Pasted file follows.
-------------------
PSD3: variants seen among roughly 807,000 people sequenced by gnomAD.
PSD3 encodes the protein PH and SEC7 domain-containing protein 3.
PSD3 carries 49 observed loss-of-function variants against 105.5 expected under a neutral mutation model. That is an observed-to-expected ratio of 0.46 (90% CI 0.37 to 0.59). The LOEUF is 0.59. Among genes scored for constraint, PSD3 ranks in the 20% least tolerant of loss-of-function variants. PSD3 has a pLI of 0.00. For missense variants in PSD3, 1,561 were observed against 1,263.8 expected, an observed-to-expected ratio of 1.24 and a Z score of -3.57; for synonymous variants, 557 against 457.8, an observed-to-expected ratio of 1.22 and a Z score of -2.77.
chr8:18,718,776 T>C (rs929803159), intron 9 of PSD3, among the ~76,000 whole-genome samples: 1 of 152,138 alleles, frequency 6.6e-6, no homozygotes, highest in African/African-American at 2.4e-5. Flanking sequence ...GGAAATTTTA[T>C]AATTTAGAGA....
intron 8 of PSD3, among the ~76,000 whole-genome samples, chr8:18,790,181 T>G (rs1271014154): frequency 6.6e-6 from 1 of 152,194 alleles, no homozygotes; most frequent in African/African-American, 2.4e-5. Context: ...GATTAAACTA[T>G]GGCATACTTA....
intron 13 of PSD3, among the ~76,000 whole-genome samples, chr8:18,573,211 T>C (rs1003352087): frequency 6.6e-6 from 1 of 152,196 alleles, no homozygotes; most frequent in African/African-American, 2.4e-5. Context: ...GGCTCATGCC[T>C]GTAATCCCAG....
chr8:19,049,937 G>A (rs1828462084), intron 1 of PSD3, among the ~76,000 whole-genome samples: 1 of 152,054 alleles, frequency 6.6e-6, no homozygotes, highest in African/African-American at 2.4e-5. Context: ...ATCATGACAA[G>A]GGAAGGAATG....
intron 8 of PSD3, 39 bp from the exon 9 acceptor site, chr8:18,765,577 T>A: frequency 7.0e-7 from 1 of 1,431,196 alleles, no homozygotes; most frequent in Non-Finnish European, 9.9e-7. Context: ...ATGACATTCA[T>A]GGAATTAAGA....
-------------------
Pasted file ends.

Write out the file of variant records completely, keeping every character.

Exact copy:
PSD3: variants seen among roughly 807,000 people sequenced by gnomAD.
PSD3 encodes the protein PH and SEC7 domain-containing protein 3.
PSD3 carries 49 observed loss-of-function variants against 105.5 expected under a neutral mutation model. That is an observed-to-expected ratio of 0.46 (90% CI 0.37 to 0.59). The LOEUF is 0.59. Among genes scored for constraint, PSD3 ranks in the 20% least tolerant of loss-of-function variants. PSD3 has a pLI of 0.00. For missense variants in PSD3, 1,561 were observed against 1,263.8 expected, an observed-to-expected ratio of 1.24 and a Z score of -3.57; for synonymous variants, 557 against 457.8, an observed-to-expected ratio of 1.22 and a Z score of -2.77.
chr8:18,718,776 T>C (rs929803159), intron 9 of PSD3, among the ~76,000 whole-genome samples: 1 of 152,138 alleles, frequency 6.6e-6, no homozygotes, highest in African/African-American at 2.4e-5. Flanking sequence ...GGAAATTTTA[T>C]AATTTAGAGA....
intron 8 of PSD3, among the ~76,000 whole-genome samples, chr8:18,790,181 T>G (rs1271014154): frequency 6.6e-6 from 1 of 152,194 alleles, no homozygotes; most frequent in African/African-American, 2.4e-5. Context: ...GATTAAACTA[T>G]GGCATACTTA....
intron 13 of PSD3, among the ~76,000 whole-genome samples, chr8:18,573,211 T>C (rs1003352087): frequency 6.6e-6 from 1 of 152,196 alleles, no homozygotes; most frequent in African/African-American, 2.4e-5. Context: ...GGCTCATGCC[T>C]GTAATCCCAG....
chr8:19,049,937 G>A (rs1828462084), intron 1 of PSD3, among the ~76,000 whole-genome samples: 1 of 152,054 alleles, frequency 6.6e-6, no homozygotes, highest in African/African-American at 2.4e-5. Context: ...ATCATGACAA[G>A]GGAAGGAATG....
intron 8 of PSD3, 39 bp from the exon 9 acceptor site, chr8:18,765,577 T>A: frequency 7.0e-7 from 1 of 1,431,196 alleles, no homozygotes; most frequent in Non-Finnish European, 9.9e-7. Context: ...ATGACATTCA[T>A]GGAATTAAGA....